Monday, November 9, 2015

World War I Unit Study and Lesson Plan

This unit was shorter than I expected it to be, and we didn't take a ton of pictures, but it was a really interesting topic. I didn't know too much about World War I. I had learned about it in European History classes, but I didn't have a clear picture of what went on and I thought it was mostly just a war over…nothing. Which isn't exactly true. I learned a lot as I read and studied the historical situation in the early 1900s, and I was interested to learn how much of the "modern world"—down to even our kind of pervasive attitude of skepticism and sarcasm—can be traced back to World War I.

Anyway, my pinterest board has some good ideas for a World War I study, and I'll highlight a few of our favorite resources on this post.
We had this book from this library, and it gave us the idea for a War Censor activity. I printed out a letter from a soldier, and the children went through with a black pen and "censored out" the parts that might endanger the soldiers or otherwise prove useful to spies. They had fun doing that.
We really liked this documentary "World War I in Colour." It's amazing how seeing color pictures of the war makes it seem more immediate and real! There are six parts and we found them all on YouTube.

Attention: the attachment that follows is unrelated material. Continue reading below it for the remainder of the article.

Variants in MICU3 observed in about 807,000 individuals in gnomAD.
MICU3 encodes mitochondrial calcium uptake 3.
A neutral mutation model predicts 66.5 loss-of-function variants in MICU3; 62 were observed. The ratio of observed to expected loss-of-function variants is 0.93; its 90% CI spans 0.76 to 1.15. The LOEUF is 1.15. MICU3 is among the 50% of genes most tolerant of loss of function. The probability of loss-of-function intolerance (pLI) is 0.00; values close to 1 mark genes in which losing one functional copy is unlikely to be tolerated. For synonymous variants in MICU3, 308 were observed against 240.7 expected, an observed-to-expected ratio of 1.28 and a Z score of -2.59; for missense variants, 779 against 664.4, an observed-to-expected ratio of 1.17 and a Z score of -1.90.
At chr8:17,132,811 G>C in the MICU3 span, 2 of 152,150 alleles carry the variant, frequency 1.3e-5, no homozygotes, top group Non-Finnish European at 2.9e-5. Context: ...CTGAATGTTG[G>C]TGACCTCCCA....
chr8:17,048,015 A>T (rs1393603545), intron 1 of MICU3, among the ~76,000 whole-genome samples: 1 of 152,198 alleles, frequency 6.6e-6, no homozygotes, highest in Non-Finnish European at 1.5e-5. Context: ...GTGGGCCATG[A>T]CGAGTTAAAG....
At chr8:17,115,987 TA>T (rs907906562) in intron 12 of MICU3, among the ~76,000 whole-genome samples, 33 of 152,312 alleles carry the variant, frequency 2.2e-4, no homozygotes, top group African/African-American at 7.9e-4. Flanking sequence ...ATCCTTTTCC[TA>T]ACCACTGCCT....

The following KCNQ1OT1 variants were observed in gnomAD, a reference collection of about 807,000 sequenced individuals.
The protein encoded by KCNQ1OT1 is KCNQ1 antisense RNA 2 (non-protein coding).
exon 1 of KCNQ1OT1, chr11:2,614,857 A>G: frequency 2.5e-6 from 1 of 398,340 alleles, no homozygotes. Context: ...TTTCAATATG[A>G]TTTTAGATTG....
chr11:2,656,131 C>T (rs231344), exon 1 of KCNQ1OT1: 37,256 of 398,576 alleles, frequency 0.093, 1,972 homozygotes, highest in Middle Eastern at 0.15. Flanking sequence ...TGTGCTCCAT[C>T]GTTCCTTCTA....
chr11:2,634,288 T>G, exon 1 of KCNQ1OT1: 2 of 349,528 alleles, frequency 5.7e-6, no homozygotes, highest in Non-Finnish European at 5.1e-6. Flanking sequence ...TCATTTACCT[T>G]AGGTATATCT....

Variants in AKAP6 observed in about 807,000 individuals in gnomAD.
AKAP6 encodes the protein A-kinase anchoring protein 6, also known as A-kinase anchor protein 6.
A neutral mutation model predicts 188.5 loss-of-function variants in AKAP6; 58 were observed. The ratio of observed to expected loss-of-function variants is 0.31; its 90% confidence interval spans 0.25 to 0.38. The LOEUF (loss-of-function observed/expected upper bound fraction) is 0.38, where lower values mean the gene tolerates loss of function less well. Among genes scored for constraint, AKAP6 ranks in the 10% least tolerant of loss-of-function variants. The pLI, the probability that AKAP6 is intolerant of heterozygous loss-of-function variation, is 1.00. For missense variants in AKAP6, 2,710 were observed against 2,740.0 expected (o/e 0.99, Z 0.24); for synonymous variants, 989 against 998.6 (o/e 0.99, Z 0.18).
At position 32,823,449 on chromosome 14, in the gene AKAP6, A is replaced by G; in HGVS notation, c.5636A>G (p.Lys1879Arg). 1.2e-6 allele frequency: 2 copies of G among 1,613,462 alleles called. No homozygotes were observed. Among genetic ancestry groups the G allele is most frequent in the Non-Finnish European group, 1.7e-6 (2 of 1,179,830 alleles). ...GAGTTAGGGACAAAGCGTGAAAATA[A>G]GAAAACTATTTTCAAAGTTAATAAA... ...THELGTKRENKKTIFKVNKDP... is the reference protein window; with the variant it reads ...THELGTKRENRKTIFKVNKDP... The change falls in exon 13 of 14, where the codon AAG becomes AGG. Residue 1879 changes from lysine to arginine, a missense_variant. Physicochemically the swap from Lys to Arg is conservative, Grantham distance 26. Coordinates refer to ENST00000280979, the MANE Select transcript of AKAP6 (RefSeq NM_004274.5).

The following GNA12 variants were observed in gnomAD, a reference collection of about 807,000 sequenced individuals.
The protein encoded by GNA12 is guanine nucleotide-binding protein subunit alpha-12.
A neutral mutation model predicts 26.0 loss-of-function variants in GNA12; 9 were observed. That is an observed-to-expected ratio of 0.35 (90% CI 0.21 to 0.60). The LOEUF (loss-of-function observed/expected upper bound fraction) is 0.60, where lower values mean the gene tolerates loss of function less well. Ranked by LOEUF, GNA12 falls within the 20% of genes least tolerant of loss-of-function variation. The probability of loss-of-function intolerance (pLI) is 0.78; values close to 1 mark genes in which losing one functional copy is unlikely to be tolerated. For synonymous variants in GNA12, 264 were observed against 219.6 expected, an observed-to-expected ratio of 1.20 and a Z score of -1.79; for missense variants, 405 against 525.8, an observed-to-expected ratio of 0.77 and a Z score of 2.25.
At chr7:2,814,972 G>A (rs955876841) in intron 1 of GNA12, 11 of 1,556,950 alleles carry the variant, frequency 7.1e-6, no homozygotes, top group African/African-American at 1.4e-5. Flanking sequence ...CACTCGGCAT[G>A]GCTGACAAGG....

We made paper poppies for Remembrance Day.

This was a good short video about a (statistical) WWI mystery!

These Horrible Histories shows (find clips on YouTube) are pretty funny. Some can be crude, so they're worth previewing first. But the children could not get enough of this song, by Tsar Nicolas, Kaiser Wilhelm, and King George V. They LOVED it. 

Interesting video showing cases of "shell shock."

Here's an animated map of WWI.

We learned about the term "doughboy" and made these World War I Salvation Army doughnuts.

We read several picture books about the 1914 Christmas Truce. I cried and cried through every one of them. Such a sad and touching story! Here's a video about it.

The Zimmerman Telegram was an important factor in the United States' decision to enter the war. Here's a decoding activity we did with it.

We looked at and studied this powerful painting by Sargent.

Here are some recordings of popular music during WWI--songs like "Over There" and "It's a long way to Tipperary."

On the lighter side, we learned about Charlie Chaplin and silent films (one of Chaplin's first movies came out in 1914 and many were popular during the war). We watched some examples. They are SO funny and good. We also particularly like Buster Keaton. Here are some good ideas for movies and books to try on this topic.

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